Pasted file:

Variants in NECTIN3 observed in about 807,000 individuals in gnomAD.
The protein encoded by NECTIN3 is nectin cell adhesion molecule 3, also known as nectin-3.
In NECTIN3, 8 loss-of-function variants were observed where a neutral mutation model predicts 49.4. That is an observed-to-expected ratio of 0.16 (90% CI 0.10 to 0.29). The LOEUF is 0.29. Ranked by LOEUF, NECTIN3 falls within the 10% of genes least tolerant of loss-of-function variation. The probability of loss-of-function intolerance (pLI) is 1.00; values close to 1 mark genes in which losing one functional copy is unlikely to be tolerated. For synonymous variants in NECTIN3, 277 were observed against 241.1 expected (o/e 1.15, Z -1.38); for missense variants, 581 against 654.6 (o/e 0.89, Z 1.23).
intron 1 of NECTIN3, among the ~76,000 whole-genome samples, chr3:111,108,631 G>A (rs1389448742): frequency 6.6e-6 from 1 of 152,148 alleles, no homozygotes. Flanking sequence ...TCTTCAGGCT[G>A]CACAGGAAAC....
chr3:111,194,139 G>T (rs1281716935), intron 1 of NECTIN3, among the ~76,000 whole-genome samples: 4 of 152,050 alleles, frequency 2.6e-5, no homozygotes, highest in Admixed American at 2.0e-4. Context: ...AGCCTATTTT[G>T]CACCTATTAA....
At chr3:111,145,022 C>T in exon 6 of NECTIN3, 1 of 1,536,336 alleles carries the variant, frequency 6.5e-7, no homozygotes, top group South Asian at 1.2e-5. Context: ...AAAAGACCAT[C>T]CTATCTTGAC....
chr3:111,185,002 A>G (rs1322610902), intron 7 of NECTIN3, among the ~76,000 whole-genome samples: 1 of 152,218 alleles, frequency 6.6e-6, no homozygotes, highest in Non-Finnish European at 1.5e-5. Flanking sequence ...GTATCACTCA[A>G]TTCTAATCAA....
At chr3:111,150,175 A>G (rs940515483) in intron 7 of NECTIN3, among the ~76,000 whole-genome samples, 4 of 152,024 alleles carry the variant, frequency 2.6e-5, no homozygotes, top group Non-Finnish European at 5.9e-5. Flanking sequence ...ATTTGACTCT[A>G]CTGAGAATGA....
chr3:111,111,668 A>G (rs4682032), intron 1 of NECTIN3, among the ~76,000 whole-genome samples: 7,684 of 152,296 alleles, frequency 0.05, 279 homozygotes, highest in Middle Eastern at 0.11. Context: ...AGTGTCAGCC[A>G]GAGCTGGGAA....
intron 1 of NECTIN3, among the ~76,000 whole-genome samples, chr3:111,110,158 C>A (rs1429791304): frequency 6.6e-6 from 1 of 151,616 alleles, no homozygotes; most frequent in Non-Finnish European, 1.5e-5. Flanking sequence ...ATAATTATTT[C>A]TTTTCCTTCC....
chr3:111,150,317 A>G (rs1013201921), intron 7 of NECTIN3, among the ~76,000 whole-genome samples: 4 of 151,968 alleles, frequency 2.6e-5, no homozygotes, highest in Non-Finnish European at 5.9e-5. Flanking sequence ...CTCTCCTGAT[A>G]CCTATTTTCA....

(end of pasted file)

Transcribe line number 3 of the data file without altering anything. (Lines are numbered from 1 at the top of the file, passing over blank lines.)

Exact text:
In NECTIN3, 8 loss-of-function variants were observed where a neutral mutation model predicts 49.4. That is an observed-to-expected ratio of 0.16 (90% CI 0.10 to 0.29). The LOEUF is 0.29. Ranked by LOEUF, NECTIN3 falls within the 10% of genes least tolerant of loss-of-function variation. The probability of loss-of-function intolerance (pLI) is 1.00; values close to 1 mark genes in which losing one functional copy is unlikely to be tolerated. For synonymous variants in NECTIN3, 277 were observed against 241.1 expected (o/e 1.15, Z -1.38); for missense variants, 581 against 654.6 (o/e 0.89, Z 1.23).